Policy - drink drive limit


Lowering the drink drive limit

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The debate on the maximum permitted blood alcohol limit for drivers has been reignited following the Scottish Government's decision to lower the limit north of the border and by the recent increase in drink related deaths in 2011. Surveys of the public also show a consistently high degree of support for a lower limit.

The UK legal limit was set in 1967 at a level where impairment was undeniable - 80 milligrams of alcohol for 100 millilitres of blood (0.8). Recent research suggests that impairment begins at 0.5 and lowering the limit could save at least 40 lives a year on Britain’s roads. We are now out of step with the rest of Europe where most countries have adopted the lower limit of 0.5. 260 people were killed in drink drive accidents in 2013, an increase of 30 (13%) compared with 230 in 2012.

Recent trends show that drink driving is most common amongst young drivers and that police still caught nearly five thousand drivers over the limit across England last year. Most were stopped by routine patrols rather than as the result of a crash.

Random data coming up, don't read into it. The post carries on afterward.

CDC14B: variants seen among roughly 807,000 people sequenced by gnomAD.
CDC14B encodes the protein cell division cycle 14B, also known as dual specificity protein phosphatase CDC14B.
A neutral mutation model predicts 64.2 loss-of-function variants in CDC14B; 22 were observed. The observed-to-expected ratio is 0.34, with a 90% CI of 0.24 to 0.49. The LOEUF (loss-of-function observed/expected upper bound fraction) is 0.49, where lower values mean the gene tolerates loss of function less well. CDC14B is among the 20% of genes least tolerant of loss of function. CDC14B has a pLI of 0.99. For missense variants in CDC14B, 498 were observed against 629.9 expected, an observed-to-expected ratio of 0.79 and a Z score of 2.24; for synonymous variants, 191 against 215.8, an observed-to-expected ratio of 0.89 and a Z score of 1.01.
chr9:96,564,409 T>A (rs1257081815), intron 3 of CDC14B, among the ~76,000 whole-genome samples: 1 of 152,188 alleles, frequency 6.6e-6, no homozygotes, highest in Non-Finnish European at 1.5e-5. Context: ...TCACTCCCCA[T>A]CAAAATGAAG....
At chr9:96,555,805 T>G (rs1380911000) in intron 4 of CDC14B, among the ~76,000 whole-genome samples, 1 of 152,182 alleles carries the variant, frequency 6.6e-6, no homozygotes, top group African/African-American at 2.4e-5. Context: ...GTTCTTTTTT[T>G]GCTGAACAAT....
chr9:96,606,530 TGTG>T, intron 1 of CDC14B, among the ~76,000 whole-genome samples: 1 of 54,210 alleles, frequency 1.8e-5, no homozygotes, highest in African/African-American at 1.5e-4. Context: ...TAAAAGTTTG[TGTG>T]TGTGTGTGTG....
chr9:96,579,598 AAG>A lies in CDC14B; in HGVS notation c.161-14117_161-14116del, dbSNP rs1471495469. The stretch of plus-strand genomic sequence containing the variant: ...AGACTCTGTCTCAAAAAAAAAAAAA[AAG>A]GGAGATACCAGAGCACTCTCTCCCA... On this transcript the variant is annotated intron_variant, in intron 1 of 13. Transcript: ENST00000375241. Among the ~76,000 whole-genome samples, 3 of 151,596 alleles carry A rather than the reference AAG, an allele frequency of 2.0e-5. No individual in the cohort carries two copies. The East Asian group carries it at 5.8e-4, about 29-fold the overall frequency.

The IAM acknowledges that a lower limit could risk diverting police resources from catching the most dangerous offenders who pay little regard to any limit, but it would also send a very powerful signal on drinking and driving. For the moment, the government is committed to keeping the current legal limit of 0.8 but this approach can only work if there is vigorous and focused enforcement on drink driving. Given the recent cuts in police budgets and the rise in drink related deaths it is clear the battle has been not yet been won and the ‘status quo’ is not good enough.

IAM recommendations

  • The IAM believes that a new consultation is needed now to reflect the growing support among the general public and a range of influential organisations, including the police, for a lower limit
  • Consistent high profile enforcement effort is needed to ensure that the recent increase in deaths does not become an upward trend
  • Education campaigns targeting young drivers are needed to reinforce the anti drink drive message
  • Only 54% of those involved in crashes were routinely tested in 2013 - this figure should be as near 100% as possible across the whole of the UK
  • Legal clarification of terms such as ‘random testing’ and ‘suspicion of drink driving’ are still needed to demythologise drink dive enforcement and give the police clarity for action

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